Read Ken’s letter below or listen to his recording: Ken’sAudio2013HarvestLetter
I think often about the differences in approach to our craft that exist in the myriad of wine regions around the world. One subject that rises to the top of thought quite often is the separation of farming vines and making wine. Church and state.
My take is that the greater that divide may be the less riveting are the resulting wines. When the winemaker has less control over the management of the sourced vineyards the quality is affected. It is not a myth that the ability to produce a wine of character is based on having fruit that begs to be great wine. No winemaker is talented enough to change that paradigm.
Too often, I think, in the US, this separation of the winemaker from the vineyard is the reality. Students attending Davis, Fresno, Oregon State and other learning institutions tend to choose one path or the other. The result can be that the vineyard is operating with a plan that the winemaker is not in control of. The winemaker receives fruit at harvest that was farmed without his or her influence. They then deal with the cards played and do their best. Not the best model for success.
I am loathe to ever use French words when English suffices but they do have a word we do not have in our language to describe a person who is involved in both the vineyard and winery. That word would be “vigneron”.
Our small cohesive group of Pinot noir producers in the Willamette Valley would most often fit into the integrated model where experience and knowledge exist both in the vineyard and the winery. You should be emboldened that most are using a holistic approach that governs practices on the farm and in the cellar. It’s a good thing. Our success as a young producing region has been to a great degree based on this.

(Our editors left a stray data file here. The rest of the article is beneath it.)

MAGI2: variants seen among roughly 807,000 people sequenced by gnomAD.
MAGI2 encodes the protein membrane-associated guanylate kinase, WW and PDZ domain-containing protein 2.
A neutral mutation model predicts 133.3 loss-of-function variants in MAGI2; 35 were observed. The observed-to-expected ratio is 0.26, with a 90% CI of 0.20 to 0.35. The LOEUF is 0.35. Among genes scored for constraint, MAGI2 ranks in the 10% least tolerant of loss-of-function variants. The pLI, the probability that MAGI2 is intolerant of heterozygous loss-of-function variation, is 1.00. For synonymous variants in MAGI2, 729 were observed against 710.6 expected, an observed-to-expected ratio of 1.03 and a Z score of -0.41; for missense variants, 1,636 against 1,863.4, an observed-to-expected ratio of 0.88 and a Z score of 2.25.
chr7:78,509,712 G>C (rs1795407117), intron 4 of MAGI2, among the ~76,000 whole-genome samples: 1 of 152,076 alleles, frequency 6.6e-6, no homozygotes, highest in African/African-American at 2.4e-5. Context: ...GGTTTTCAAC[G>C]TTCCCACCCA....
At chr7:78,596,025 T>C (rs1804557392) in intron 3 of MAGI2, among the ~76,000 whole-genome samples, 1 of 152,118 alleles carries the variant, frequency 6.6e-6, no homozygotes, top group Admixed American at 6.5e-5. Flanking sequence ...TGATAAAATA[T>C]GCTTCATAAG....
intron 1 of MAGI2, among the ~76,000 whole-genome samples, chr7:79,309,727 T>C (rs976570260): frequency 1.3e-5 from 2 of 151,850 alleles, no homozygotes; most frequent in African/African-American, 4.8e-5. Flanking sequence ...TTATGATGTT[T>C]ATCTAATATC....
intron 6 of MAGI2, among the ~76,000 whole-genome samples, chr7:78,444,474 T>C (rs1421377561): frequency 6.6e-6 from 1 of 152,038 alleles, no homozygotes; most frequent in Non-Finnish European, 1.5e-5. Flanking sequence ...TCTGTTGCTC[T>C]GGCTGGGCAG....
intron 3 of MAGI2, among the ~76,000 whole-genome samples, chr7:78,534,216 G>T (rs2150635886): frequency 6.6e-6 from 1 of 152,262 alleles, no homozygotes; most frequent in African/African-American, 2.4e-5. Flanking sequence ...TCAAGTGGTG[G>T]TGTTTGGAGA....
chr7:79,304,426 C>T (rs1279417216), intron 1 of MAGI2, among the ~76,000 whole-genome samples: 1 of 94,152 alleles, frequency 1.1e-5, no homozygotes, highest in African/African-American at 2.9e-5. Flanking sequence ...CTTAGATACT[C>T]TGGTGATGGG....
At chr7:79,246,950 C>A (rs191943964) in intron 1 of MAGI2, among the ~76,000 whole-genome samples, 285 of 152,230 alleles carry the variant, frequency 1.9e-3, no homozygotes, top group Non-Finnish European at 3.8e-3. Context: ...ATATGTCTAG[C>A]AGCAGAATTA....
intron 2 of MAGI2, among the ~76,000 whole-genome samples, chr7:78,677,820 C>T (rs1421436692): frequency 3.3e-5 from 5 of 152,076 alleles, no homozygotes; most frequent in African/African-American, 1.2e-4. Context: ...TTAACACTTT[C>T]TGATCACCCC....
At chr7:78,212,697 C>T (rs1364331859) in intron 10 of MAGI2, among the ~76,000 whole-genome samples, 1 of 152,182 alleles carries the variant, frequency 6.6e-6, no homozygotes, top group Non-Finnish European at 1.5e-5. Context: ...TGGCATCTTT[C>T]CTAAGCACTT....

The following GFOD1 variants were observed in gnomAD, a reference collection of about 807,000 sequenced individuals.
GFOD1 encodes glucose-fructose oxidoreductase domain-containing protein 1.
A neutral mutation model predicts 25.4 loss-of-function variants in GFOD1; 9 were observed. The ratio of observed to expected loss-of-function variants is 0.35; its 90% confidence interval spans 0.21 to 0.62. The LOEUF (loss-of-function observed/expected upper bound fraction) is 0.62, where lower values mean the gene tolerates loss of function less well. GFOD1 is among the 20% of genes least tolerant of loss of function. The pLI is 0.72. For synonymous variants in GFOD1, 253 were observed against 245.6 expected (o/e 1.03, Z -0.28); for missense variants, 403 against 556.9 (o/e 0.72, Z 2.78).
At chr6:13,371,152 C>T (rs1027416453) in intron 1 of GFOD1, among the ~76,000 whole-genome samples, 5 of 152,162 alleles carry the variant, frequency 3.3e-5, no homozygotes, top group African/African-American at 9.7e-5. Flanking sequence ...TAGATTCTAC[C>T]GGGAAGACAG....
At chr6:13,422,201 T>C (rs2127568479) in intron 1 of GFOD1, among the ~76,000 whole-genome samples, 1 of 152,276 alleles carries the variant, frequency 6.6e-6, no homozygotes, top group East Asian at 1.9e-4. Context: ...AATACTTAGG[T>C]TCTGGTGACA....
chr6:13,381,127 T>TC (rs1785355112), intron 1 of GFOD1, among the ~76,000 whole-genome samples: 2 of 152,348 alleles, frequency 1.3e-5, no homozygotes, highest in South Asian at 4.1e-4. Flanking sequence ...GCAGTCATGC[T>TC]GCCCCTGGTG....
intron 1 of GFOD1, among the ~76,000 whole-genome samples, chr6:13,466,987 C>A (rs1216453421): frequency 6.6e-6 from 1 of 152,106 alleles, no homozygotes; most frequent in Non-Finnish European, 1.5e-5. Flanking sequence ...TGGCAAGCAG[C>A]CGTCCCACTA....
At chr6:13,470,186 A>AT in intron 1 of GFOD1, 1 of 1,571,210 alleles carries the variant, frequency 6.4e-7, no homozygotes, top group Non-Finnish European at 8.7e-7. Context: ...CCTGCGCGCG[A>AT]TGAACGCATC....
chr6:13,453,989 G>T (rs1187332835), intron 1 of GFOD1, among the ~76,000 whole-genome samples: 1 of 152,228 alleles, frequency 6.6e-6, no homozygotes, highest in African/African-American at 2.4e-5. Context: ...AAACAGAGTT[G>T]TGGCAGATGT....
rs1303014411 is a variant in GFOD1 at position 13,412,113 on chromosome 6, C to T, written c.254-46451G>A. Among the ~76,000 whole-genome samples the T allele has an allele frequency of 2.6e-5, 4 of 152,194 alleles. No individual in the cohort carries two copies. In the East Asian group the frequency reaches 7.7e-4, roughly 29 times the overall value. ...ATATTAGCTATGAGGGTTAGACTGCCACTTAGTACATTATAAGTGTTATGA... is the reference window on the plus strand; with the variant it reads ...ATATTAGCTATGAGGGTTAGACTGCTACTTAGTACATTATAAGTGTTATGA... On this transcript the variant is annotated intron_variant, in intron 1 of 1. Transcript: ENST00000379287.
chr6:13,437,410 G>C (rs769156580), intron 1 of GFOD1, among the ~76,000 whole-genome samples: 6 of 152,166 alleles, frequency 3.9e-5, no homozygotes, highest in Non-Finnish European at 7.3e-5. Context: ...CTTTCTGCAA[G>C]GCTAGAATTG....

The Willamette Valley is a place where Pinot noir inherently wants to be great. As farmers of vines it has been our goal to learn the correct approach for each site that ensures that greatness is realized. When a great site is properly farmed, the resulting wine will have more depth of flavor, aroma and texture.
2013 had one of the earliest starts that I can recall. Development during the spring was boosted by a 10 day stretch of weather between May 2nd and May 11th that had an average high temperature of 78.2 degrees F. A real example of our incredible early development was borne out by a single vine in Abbott Claim vineyard. Mark Gould has been tracking the shoot growth by date for this vine for a number of years. On May 18th of 2011, the shoot growth (measured on a piece of vertical lath) was 4 inches. In 2012, the exact same shoot position on the same vine, on the same date, was 12 inches. In 2013, the exact same shoot position on the same vine, on the same date, was 22 inches! Wow! We were way ahead in development compared to a normal growing season and we remained ahead for the remainder of the year.
Come September, the weather became less stable and we experienced several systems that came through the region. Fortunately, we have the ability to remove rainfall so the diluting effects of any precipitation were easily corrected. Mother Nature did not rain on our parade.
It was key as well that the great work performed by vineyard managers Mark, Seth and Taylor through the entire growing season kept our fruit healthy and clean. They provided the needed raw material required to create compelling wine. Our top notch team in the cellar, with volunteers led by Father “T”, protected the fruit and fermentations with exceeding care. We were completely in sync as a team, protecting the integrity of our sites. God I hate to say it but we were “vigneron”!
Please join us for a preview of the 2013 vintage November 29th and 30th from 10 to 4 each day.
Thank you all for supporting our efforts and allowing us to continue doing what we love.